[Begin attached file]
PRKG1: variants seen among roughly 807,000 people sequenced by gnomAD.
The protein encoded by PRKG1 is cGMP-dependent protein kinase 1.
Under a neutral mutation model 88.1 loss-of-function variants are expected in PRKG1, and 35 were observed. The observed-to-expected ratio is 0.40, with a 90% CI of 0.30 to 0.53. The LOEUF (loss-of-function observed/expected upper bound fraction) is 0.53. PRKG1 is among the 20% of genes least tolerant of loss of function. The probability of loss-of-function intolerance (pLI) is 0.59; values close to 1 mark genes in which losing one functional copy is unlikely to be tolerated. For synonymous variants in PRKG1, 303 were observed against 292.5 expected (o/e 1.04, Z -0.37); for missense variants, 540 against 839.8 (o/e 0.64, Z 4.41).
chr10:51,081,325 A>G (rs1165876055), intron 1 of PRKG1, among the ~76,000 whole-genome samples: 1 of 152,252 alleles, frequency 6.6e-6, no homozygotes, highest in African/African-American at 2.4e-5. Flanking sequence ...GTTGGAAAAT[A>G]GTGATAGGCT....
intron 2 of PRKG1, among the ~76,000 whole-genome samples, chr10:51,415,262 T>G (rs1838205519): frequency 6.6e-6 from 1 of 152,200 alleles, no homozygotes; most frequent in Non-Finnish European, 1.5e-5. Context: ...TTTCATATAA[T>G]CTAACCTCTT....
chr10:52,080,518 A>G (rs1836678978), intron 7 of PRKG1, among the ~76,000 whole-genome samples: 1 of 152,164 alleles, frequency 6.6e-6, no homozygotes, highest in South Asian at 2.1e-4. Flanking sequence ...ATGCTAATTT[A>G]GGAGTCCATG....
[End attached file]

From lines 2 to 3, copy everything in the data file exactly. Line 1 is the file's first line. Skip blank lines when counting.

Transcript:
The protein encoded by PRKG1 is cGMP-dependent protein kinase 1.
Under a neutral mutation model 88.1 loss-of-function variants are expected in PRKG1, and 35 were observed. The observed-to-expected ratio is 0.40, with a 90% CI of 0.30 to 0.53. The LOEUF (loss-of-function observed/expected upper bound fraction) is 0.53. PRKG1 is among the 20% of genes least tolerant of loss of function. The probability of loss-of-function intolerance (pLI) is 0.59; values close to 1 mark genes in which losing one functional copy is unlikely to be tolerated. For synonymous variants in PRKG1, 303 were observed against 292.5 expected (o/e 1.04, Z -0.37); for missense variants, 540 against 839.8 (o/e 0.64, Z 4.41).